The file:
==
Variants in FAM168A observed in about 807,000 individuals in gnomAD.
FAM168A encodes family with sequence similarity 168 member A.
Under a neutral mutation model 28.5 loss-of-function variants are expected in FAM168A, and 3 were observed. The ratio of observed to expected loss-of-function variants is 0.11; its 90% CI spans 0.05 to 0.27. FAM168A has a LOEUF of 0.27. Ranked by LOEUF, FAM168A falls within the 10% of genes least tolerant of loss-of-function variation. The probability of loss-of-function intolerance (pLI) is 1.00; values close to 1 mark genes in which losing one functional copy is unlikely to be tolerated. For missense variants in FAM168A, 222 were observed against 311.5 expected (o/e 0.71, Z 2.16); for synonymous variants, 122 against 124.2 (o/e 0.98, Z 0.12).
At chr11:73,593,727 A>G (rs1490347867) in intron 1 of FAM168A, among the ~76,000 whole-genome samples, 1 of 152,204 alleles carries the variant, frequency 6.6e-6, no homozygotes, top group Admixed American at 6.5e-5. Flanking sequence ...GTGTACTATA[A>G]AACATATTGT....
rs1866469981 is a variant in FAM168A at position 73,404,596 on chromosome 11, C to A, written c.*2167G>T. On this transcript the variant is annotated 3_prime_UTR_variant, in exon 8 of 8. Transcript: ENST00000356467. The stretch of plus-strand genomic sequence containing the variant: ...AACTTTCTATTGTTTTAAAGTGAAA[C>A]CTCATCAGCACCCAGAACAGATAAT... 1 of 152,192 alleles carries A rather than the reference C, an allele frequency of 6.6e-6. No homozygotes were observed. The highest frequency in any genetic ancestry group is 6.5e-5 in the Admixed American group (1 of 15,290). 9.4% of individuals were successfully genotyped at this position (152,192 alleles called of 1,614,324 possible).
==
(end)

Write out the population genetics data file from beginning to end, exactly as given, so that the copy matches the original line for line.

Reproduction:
Variants in FAM168A observed in about 807,000 individuals in gnomAD.
FAM168A encodes family with sequence similarity 168 member A.
Under a neutral mutation model 28.5 loss-of-function variants are expected in FAM168A, and 3 were observed. The ratio of observed to expected loss-of-function variants is 0.11; its 90% CI spans 0.05 to 0.27. FAM168A has a LOEUF of 0.27. Ranked by LOEUF, FAM168A falls within the 10% of genes least tolerant of loss-of-function variation. The probability of loss-of-function intolerance (pLI) is 1.00; values close to 1 mark genes in which losing one functional copy is unlikely to be tolerated. For missense variants in FAM168A, 222 were observed against 311.5 expected (o/e 0.71, Z 2.16); for synonymous variants, 122 against 124.2 (o/e 0.98, Z 0.12).
At chr11:73,593,727 A>G (rs1490347867) in intron 1 of FAM168A, among the ~76,000 whole-genome samples, 1 of 152,204 alleles carries the variant, frequency 6.6e-6, no homozygotes, top group Admixed American at 6.5e-5. Flanking sequence ...GTGTACTATA[A>G]AACATATTGT....
rs1866469981 is a variant in FAM168A at position 73,404,596 on chromosome 11, C to A, written c.*2167G>T. On this transcript the variant is annotated 3_prime_UTR_variant, in exon 8 of 8. Transcript: ENST00000356467. The stretch of plus-strand genomic sequence containing the variant: ...AACTTTCTATTGTTTTAAAGTGAAA[C>A]CTCATCAGCACCCAGAACAGATAAT... 1 of 152,192 alleles carries A rather than the reference C, an allele frequency of 6.6e-6. No homozygotes were observed. The highest frequency in any genetic ancestry group is 6.5e-5 in the Admixed American group (1 of 15,290). 9.4% of individuals were successfully genotyped at this position (152,192 alleles called of 1,614,324 possible).